There are a few couples I’ve encountered who seem so profoundly with each other, that the term ‘soul mates’ feels applicable. A tiny minority of the lovers I’ve met have appeared this way to me. Those few have something between them that carries a magic of its own, illuminating all that it encounters and affecting the people who come into contact with it. These are the pairs about whom stories are told, and whose relationships bring inspiration.
The majority of people have relationships of other shapes – which may be powerful, engaging and rewarding, but are different. Not everyone wants to spend their life in the throes of a grand passion on that kind of scale. For some, a relationship that gives comfort, companionship and answers sexual need is more than enough. It’s better to go for the relationship that suits your nature and needs rather than being boxed into social expectations about serial monogamy, romance, and happily ever after.
The world of romance-erotica fiction is full of destined soul mates and one-true-love scenarios. Far fewer stories explore the reality of relationship as most people encounter it, which I think is a great waste. It adds to the feeling that everyone should be seeking this one earth shattering experience of finding the right person to be with forever. You can miss out on a lot of very good relationships and opportunities if you’re focused on a quest for the ‘perfect’ one. Soul mates are people too, flawed and complex and not perfect, just very right together. Seeking perfection in anything is an enterprise doomed to fail because nothing in this world is ever free from flaw or complexity.
Much of the ‘one true mate’ fiction is paranormal – frequently featuring werewolves. It’s very easy then to give your character a supernatural way of ‘knowing’ they have found ‘the one’ and thus removing the whole experience that bit further from real life. I’m going out on a limb here to suggest this may be because the vast majority of writers have no idea what a soul mate relationship looks like anyway. It’s really easy to write ‘I will love you for all eternity, he said, and they did, happily ever after.’ Any five year old can give you that kind of story ending. From what I’ve read, many authors resort to ‘telling’ this one, because they have no means of ‘showing’ it, not actually having experienced it themselves. What it creates is a fantasy of perfection that is more likely a hindrance in learning about real love than any kind of help.
Being a hopelessly romantic soul, I hit my teens looking for true love. I learned very quickly that certain boys will trade affection for sexual favours, and I settled for affection and trading. Aged nineteen, I found someone who rocked my world, inspiring wild and unfamiliar emotions in me. I cocked it up, and hit my early twenties believing that I had already found, and irretrievably lost the love of my life. Other relationships followed, and I invested what I could, and found nothing like what I needed. Told that bestowing affection on me was like pouring it into a black hole and a total waste of time, I came to the conclusion that I was the problem. I wanted too much. I had swallowed all those dreams of romance and they were wrong, and I was a fool and should make the best of what I had. Recently, I found I had been mistaken in this, and everything else. These were happy discoveries.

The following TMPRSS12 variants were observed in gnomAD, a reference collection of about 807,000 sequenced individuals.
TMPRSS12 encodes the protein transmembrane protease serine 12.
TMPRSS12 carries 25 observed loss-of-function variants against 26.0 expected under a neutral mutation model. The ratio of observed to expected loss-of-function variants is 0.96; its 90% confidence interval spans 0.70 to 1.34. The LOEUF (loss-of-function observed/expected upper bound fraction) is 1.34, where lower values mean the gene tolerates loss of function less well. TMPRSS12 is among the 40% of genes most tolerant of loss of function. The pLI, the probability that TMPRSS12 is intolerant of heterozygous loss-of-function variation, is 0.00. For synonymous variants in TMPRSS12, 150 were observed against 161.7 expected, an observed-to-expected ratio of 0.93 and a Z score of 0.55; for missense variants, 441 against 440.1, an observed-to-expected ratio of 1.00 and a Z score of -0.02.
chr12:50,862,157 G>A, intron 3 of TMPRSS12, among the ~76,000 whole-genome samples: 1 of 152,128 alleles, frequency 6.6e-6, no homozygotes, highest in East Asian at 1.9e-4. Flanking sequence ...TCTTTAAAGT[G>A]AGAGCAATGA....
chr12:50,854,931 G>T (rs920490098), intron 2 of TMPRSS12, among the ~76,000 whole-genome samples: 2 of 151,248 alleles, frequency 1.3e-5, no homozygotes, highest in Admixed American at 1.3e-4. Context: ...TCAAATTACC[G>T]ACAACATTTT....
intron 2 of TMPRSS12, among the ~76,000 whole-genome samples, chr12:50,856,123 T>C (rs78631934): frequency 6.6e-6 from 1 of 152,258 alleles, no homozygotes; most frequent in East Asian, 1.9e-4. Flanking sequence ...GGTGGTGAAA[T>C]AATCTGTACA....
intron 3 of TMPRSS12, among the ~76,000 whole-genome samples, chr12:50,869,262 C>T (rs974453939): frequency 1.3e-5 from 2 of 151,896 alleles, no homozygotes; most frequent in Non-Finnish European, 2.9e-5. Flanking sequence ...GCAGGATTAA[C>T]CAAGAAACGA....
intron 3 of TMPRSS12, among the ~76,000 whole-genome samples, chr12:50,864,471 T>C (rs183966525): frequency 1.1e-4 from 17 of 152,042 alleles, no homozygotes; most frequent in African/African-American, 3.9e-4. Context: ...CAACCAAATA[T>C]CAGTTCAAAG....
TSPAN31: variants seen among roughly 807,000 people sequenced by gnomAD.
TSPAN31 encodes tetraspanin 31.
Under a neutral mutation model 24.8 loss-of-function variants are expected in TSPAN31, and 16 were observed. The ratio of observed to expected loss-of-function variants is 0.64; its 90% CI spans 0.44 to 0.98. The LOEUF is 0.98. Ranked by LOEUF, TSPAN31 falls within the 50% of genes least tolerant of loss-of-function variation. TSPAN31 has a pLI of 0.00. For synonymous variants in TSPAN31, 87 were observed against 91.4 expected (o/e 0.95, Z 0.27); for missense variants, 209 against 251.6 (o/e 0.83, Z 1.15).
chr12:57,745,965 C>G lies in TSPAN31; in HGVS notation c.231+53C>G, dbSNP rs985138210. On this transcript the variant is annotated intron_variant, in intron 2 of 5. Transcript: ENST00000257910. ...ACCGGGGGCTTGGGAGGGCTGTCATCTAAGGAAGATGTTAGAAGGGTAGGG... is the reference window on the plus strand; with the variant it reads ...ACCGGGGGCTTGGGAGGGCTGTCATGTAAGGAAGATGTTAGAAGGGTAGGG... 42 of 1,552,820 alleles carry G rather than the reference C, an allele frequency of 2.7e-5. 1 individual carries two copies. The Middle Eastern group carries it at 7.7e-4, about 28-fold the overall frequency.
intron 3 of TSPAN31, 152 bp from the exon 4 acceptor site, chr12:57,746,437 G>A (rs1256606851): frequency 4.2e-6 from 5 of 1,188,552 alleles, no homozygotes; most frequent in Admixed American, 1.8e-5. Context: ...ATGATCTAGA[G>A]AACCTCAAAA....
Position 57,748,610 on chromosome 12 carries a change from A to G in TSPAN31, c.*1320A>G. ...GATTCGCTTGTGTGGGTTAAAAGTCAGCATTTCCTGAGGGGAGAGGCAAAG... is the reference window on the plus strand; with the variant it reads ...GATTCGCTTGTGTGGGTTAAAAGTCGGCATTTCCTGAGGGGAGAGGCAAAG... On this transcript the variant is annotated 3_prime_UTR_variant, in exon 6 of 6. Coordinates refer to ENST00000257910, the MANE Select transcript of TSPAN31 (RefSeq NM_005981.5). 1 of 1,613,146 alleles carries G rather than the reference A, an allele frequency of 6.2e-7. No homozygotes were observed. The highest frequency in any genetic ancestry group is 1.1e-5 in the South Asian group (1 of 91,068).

I did not magically ‘know’, when I first encountered Tom some six years ago, that he was the person I should spend my time with. Falling in love with him was not the earth shattering event of romance novels. In fiction, it happens once, and then people deal with the aftermath. Falling in love with Tom is a process, and I do it all over again on pretty much a daily basis. It is always new, always surprising, and a year in, it gets more so, not less. Once the rush of hormonal ‘new love’ has worn off, relationships normally settle down or burn out. One True Love fiction tends to step away well before that happens. Real life does not fade to pink, you get it served up day by day, and you have to live your love affair, in whatever form it takes.
I wondered, before now, if I had found the person I should be with. That’s perhaps the easiest difference to pin down. I do not wonder about Tom. I know. That knowing deepens as we progress. Time and oceans cannot weaken it. Sometimes I think the challenges we’ve faced have made it clear to both of us how serious we are – insight we might not have had if getting together had been quick and easy. But then, love conquering obstacles is another romance fiction favourite. Perhaps with reason. When you test a thing, you find out what it’s made of.
I have a number of conclusions. Live, and do not be trapped by dreams into missing what you do have, or be trapped by loss of dreams into not going after what you truly need. Write what you know, and if you do not really know what it means to find your soul mate, don’t add to the hollow, empty mythmaking that feeds other people’s despair. Write about life and love as you understand it, celebrate what is good. The passion of soul mates and happily ever after are not intrinsically linked. Think of Romeo and Juliet, Tristan and Iseult. Make the best story you can, in life, and in fiction.